Hangouts on Air #HoA can be used to broadcast and record live events like lectures, panel discussions, conferences and performances.
Ed Montano teaches DJs. To do this he invites experts into the studio where they demonstrate their techniques and discuss the methods. Trouble is, it’s hard to get a good view on the demo, especially when the expert is in another country! So Ed Montano has been testing out Hangouts on Air to webcast the guests and their demonstrations. Some developments have included multiple webcams and microphones so as to switch between different angles and vantage points in the one webcast. A mobile phone has even been used as a roving microphone tro pick up questions from the live audience in the studio.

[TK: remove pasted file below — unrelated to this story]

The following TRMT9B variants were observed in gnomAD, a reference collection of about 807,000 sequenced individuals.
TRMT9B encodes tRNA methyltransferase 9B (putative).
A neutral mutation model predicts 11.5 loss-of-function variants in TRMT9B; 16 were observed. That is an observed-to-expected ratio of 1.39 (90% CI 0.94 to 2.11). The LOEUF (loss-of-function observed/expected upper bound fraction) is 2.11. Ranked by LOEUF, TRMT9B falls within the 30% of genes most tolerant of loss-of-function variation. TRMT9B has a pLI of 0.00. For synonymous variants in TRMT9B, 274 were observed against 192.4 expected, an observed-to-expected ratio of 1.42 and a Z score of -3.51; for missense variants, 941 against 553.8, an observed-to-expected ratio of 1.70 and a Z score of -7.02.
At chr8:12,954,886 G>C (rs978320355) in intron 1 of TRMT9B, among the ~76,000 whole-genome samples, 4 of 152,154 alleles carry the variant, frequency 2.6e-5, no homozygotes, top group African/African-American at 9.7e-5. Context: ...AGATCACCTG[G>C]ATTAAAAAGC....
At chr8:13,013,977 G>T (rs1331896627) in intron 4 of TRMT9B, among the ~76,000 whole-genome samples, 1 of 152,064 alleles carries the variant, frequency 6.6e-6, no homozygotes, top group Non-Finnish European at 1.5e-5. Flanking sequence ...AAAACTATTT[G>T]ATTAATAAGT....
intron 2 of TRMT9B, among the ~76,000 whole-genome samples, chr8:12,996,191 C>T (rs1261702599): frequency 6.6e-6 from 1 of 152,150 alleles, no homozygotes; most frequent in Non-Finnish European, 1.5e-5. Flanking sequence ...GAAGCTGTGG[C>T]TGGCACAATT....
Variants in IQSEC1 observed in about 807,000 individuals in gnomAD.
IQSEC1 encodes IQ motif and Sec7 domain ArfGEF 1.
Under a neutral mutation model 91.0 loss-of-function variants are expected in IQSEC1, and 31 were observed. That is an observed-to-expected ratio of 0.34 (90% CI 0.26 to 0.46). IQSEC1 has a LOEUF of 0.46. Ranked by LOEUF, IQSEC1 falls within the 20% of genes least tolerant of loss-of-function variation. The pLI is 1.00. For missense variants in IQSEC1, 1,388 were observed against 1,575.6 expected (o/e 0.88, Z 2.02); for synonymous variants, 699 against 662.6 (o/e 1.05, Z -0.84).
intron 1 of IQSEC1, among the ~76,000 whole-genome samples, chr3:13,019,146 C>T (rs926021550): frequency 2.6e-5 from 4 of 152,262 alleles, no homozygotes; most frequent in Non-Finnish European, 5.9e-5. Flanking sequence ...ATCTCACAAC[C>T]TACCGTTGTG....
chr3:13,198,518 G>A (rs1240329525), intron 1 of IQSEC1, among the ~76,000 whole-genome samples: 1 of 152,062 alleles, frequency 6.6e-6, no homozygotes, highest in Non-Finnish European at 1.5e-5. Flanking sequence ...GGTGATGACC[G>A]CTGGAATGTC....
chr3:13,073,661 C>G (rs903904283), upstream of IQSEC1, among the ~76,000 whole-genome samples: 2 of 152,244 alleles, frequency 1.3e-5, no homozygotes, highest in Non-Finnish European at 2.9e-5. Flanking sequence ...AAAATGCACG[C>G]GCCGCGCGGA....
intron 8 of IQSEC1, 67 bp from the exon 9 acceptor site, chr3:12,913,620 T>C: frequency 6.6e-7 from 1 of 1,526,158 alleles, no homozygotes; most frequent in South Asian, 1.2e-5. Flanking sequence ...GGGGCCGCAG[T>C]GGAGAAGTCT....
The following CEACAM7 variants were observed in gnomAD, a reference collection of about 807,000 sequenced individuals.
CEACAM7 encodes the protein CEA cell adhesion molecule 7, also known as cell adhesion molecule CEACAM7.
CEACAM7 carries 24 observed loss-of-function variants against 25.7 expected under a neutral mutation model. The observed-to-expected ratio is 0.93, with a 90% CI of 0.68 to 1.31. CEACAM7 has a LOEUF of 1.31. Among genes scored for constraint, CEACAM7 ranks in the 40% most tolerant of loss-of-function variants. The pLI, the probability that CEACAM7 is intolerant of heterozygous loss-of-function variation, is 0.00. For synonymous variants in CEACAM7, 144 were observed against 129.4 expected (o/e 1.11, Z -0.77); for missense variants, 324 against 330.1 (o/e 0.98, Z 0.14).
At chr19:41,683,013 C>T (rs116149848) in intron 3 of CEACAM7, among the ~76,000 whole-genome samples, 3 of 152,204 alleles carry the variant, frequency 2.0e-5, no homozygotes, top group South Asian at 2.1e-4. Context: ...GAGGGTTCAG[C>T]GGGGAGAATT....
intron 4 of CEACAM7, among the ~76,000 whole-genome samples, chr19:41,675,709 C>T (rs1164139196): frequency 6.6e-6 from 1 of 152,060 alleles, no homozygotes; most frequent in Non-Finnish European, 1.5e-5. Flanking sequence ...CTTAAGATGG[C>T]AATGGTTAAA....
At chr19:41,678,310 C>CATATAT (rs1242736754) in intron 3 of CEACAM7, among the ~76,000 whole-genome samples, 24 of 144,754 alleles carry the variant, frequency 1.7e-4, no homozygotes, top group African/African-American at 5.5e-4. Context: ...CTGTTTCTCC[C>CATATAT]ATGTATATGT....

When studio demonstrations take place, some of the students can’t get a good vantage point to watch it, or they lose track when they miss a critical bit of information. Some need to miss a demo because of work or family. A Hangout on Air can not only help get a good visual and audio vantage point of a demonstration, but it sends a video signal that can be watched from almost anywhere, live or after the event. Live video webstreaming has been around for a while now, but with high bandwidth Internet access becoming much more common, and the tools needed to set up a webstream are becoming easier to master, we might expect more of its use in education events.
You’ll need a camera, webcam or smartphone, a computer, a good Internet connection and a Youtube account (using a non RMIT Google account). You can schedule a Hangout on Air from Google+. If you’re feeling confident and might like to experiment with multiple feeds in the one webcast (such as a roving microphone or several camera angles), invite multiple Google accounts into the same Hangout on Air and enter with a second or third computer or device. The Google account you’re using to host the Hangout on Air can manually switch between these different camera angles and audio if feedback is an issue.